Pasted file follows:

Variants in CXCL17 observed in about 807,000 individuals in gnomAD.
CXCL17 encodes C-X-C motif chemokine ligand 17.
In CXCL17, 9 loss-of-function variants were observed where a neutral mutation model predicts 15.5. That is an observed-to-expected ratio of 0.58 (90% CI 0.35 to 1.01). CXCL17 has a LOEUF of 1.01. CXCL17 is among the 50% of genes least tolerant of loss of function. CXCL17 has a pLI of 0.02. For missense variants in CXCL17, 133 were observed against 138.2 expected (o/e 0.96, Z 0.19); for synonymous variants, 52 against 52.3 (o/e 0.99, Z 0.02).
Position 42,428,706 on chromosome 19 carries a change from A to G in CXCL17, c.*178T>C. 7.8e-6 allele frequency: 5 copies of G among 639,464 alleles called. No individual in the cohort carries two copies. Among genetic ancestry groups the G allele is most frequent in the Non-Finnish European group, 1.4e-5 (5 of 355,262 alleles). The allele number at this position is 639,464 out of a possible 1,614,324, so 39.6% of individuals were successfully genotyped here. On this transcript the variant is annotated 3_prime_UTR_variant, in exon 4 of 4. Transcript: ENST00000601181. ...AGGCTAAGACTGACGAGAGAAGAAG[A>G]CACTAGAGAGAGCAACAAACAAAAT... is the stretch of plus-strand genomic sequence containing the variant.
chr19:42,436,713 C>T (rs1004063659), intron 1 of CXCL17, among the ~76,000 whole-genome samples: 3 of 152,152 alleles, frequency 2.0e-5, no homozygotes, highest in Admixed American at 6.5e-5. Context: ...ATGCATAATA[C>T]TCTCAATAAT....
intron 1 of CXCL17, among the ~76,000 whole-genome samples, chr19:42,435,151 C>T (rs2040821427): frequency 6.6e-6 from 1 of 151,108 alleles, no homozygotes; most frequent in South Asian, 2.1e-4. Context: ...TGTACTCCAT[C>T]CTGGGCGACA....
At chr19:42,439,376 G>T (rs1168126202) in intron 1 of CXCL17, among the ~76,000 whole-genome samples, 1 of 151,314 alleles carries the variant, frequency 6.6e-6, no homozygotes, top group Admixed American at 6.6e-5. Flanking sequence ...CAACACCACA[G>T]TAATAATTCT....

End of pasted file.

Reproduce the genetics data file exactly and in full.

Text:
Variants in CXCL17 observed in about 807,000 individuals in gnomAD.
CXCL17 encodes C-X-C motif chemokine ligand 17.
In CXCL17, 9 loss-of-function variants were observed where a neutral mutation model predicts 15.5. That is an observed-to-expected ratio of 0.58 (90% CI 0.35 to 1.01). CXCL17 has a LOEUF of 1.01. CXCL17 is among the 50% of genes least tolerant of loss of function. CXCL17 has a pLI of 0.02. For missense variants in CXCL17, 133 were observed against 138.2 expected (o/e 0.96, Z 0.19); for synonymous variants, 52 against 52.3 (o/e 0.99, Z 0.02).
Position 42,428,706 on chromosome 19 carries a change from A to G in CXCL17, c.*178T>C. 7.8e-6 allele frequency: 5 copies of G among 639,464 alleles called. No individual in the cohort carries two copies. Among genetic ancestry groups the G allele is most frequent in the Non-Finnish European group, 1.4e-5 (5 of 355,262 alleles). The allele number at this position is 639,464 out of a possible 1,614,324, so 39.6% of individuals were successfully genotyped here. On this transcript the variant is annotated 3_prime_UTR_variant, in exon 4 of 4. Transcript: ENST00000601181. ...AGGCTAAGACTGACGAGAGAAGAAG[A>G]CACTAGAGAGAGCAACAAACAAAAT... is the stretch of plus-strand genomic sequence containing the variant.
chr19:42,436,713 C>T (rs1004063659), intron 1 of CXCL17, among the ~76,000 whole-genome samples: 3 of 152,152 alleles, frequency 2.0e-5, no homozygotes, highest in Admixed American at 6.5e-5. Context: ...ATGCATAATA[C>T]TCTCAATAAT....
intron 1 of CXCL17, among the ~76,000 whole-genome samples, chr19:42,435,151 C>T (rs2040821427): frequency 6.6e-6 from 1 of 151,108 alleles, no homozygotes; most frequent in South Asian, 2.1e-4. Context: ...TGTACTCCAT[C>T]CTGGGCGACA....
At chr19:42,439,376 G>T (rs1168126202) in intron 1 of CXCL17, among the ~76,000 whole-genome samples, 1 of 151,314 alleles carries the variant, frequency 6.6e-6, no homozygotes, top group Admixed American at 6.6e-5. Flanking sequence ...CAACACCACA[G>T]TAATAATTCT....